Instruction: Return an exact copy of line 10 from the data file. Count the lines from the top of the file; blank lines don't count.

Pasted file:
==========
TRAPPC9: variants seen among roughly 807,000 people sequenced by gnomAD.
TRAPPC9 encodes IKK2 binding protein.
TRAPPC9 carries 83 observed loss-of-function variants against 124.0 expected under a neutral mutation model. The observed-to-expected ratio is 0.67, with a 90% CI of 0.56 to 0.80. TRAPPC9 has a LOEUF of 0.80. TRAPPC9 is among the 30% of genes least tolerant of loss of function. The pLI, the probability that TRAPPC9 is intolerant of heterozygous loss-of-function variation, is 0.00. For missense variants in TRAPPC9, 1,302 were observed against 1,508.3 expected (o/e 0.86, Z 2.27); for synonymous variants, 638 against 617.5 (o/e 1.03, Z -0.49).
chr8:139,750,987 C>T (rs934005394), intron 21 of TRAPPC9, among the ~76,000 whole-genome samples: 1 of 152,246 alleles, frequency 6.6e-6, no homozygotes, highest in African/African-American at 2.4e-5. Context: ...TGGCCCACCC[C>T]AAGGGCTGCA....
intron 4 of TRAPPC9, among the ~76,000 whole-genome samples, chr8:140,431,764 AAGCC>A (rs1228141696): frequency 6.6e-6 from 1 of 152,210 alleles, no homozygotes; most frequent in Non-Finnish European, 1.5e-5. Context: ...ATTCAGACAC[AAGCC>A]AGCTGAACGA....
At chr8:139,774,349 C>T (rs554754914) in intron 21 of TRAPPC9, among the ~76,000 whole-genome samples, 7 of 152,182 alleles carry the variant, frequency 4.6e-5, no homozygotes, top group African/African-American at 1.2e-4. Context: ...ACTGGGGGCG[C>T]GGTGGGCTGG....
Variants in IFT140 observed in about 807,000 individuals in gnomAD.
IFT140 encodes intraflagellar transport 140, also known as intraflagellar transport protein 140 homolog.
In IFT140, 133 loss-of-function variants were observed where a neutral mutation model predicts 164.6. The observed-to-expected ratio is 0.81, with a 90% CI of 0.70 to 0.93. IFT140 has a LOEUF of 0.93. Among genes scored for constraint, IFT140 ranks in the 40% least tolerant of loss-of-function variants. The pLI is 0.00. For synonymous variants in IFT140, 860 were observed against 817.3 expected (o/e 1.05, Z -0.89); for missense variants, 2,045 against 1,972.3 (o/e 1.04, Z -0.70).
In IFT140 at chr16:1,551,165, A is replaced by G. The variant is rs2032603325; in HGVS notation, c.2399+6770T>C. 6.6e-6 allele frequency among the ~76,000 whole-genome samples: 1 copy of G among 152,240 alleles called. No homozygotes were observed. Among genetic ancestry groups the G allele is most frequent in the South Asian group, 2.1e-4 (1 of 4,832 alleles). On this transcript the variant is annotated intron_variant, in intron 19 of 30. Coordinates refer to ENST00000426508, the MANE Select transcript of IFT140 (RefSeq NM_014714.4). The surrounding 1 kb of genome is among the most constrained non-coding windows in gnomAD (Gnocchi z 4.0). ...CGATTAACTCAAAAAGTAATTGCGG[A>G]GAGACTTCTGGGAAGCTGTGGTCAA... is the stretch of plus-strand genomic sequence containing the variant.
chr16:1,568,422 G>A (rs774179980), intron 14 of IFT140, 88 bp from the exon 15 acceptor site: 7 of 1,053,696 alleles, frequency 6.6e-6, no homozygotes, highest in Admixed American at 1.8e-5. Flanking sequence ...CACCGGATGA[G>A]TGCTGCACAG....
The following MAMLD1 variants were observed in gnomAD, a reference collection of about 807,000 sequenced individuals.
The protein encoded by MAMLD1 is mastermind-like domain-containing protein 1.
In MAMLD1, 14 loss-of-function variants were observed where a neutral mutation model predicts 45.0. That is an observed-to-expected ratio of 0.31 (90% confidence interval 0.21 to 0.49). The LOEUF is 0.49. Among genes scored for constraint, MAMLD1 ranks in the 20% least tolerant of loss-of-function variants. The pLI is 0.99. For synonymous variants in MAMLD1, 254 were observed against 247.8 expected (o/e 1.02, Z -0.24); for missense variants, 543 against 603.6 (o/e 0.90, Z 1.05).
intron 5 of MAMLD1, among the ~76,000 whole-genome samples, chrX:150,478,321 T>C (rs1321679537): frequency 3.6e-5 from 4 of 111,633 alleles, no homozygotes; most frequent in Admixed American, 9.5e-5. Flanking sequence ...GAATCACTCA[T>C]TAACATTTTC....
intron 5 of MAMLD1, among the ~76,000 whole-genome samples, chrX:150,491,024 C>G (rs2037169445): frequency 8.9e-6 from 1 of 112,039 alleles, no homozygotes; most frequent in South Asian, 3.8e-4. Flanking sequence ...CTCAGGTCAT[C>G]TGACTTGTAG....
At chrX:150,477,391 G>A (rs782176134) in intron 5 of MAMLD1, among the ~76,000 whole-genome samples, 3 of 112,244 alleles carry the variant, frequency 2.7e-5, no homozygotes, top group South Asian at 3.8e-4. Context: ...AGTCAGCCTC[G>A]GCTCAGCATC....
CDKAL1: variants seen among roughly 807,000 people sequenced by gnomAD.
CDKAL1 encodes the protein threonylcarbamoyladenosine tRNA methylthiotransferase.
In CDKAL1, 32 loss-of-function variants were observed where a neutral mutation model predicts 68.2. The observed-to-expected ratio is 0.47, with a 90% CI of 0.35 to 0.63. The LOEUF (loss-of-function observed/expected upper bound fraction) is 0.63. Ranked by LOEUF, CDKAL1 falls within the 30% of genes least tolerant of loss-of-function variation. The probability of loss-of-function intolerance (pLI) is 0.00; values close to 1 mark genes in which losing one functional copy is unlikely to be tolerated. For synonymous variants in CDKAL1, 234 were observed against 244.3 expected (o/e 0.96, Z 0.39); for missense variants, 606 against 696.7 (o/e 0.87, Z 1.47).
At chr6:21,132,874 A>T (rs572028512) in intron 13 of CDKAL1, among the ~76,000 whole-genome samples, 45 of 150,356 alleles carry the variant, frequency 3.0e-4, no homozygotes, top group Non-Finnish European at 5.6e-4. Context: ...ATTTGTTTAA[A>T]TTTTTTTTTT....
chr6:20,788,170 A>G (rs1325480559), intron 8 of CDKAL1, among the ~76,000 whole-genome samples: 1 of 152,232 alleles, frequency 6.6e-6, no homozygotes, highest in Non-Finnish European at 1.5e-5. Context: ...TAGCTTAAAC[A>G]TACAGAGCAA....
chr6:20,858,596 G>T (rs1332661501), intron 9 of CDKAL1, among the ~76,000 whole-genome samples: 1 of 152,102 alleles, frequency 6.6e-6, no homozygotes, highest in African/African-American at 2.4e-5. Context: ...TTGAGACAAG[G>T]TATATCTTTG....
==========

In IFT140 at chr16:1,551,165, A is replaced by G. The variant is rs2032603325; in HGVS notation, c.2399+6770T>C. 6.6e-6 allele frequency among the ~76,000 whole-genome samples: 1 copy of G among 152,240 alleles called. No homozygotes were observed. Among genetic ancestry groups the G allele is most frequent in the South Asian group, 2.1e-4 (1 of 4,832 alleles). On this transcript the variant is annotated intron_variant, in intron 19 of 30. Coordinates refer to ENST00000426508, the MANE Select transcript of IFT140 (RefSeq NM_014714.4). The surrounding 1 kb of genome is among the most constrained non-coding windows in gnomAD (Gnocchi z 4.0). ...CGATTAACTCAAAAAGTAATTGCGG[A>G]GAGACTTCTGGGAAGCTGTGGTCAA... is the stretch of plus-strand genomic sequence containing the variant.